|4 January 1997||Maribor, Slovenia||Slalom|
|12 January 1997||Bad Kleinkirchheim, Austria||Super-G|
|19 January 1997||Zwiesel, Germany||Slalom|
|2 February 1997||Laax, Switzerland||Combined|
|7 March 1997||Mammoth Mountain, U.S.||Slalom|
|12 March 1997||Vail, U.S.||Downhill|
|16 March 1997||Slalom|
|1999||3 January 1999||Maribor, Slovenia||Slalom|
|2000||18 December 1999||St. Moritz, Switzerland||Downhill|
|Title||Year||Peak chart positions||Album|
- FIS-Ski – Biography. Retrieved on 11 September 2008.
- "Sports briefly: ESPN commentator Axthelm dies at 47". Baltimore Sun. Baltimore. 3 February 1991. Retrieved 21 March 2015.
- "Pernilla Wiberg: Executive Profile & Biography". bloomberg.com. Retrieved 21 March 2015.
- Nationalencyklopedin – Pernilla Wiberg. (Swedish). Retrieved on 2008-09-11.
- Pernilla Wiberg official website Archived 2004-10-20 at the Wayback Machine.. Retrieved on 2008-09-11.
- "Pernilla Wiberg opererad och karriären är över" Archived 2006-06-25 at the Wayback Machine.. ST.nu – Sundsvalls Tidning (TT). 2002-03-01. (Swedish). Retrieved on 2008-09-11.
- "Bragdmedaljörer genom tiderna". SvD – Svenska Dagbladet. 2007-12-04. (Swedish). Retrieved on 2008-09-11.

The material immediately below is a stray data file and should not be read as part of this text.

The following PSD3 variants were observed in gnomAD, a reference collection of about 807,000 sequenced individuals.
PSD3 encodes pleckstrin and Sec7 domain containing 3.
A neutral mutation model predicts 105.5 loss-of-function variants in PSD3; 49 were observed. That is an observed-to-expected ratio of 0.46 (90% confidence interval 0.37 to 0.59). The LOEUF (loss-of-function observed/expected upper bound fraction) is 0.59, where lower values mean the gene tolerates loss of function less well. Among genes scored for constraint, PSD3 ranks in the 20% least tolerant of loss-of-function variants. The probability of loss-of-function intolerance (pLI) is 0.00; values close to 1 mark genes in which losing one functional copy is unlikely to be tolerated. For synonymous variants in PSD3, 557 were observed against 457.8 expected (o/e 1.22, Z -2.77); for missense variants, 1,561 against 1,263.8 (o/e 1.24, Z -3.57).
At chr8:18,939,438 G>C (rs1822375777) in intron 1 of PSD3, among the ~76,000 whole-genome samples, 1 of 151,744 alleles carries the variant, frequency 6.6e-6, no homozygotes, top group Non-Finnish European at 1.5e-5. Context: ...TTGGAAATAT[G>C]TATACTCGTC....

- Radiosporten – Jerringpriset Archived 2007-03-26 at the Wayback Machine.. Radiosporten – sr.se. (Swedish). Retrieved on 2008-09-11.
- IOC Members – Pernilla Wiberg. Retrieved on 2008-09-09.
- "Pernilla Wiberg heads IOC Evaluation Commission for 1st Winter Youth Olympic Games", www.olympic.org – Official website of the Olympic Movement. 2008-09-02. Retrieved on 2008-09-09.
- Peace and Sport
- "Pernilla och Bödvar fick en pojke". SvD – Svenska Dagbladet (TT). 2003-08-23. (Swedish). Retrieved on 2008-09-11.
- "Pernilla Wiberg: "Det blev en liten Sofia"". Norrköping – Expressen. 2007-12-16. (Swedish). Retrieved on 11 September 2008.
- Friberg, Anna (1 February 2015): ”Pernilla Wiberg: "Det kan låta drastiskt"”. expressen.se. accessdate: 1 October 2015.
- World cup results at www.fis-ski.com
- Pernilla Wiberg - Sverigetopplistan
- Pernilla Wiberg at the International Ski Federation
- FIS-Ski.com – World Cup season standings – Pernilla Wiberg
- Ski-db.com – results – Pernilla Wiberg
- pernilla-wiberg.com – official site
- Pernilla Wiberg Hotel in Sweden.
| Svenska Dagbladet Gold Medal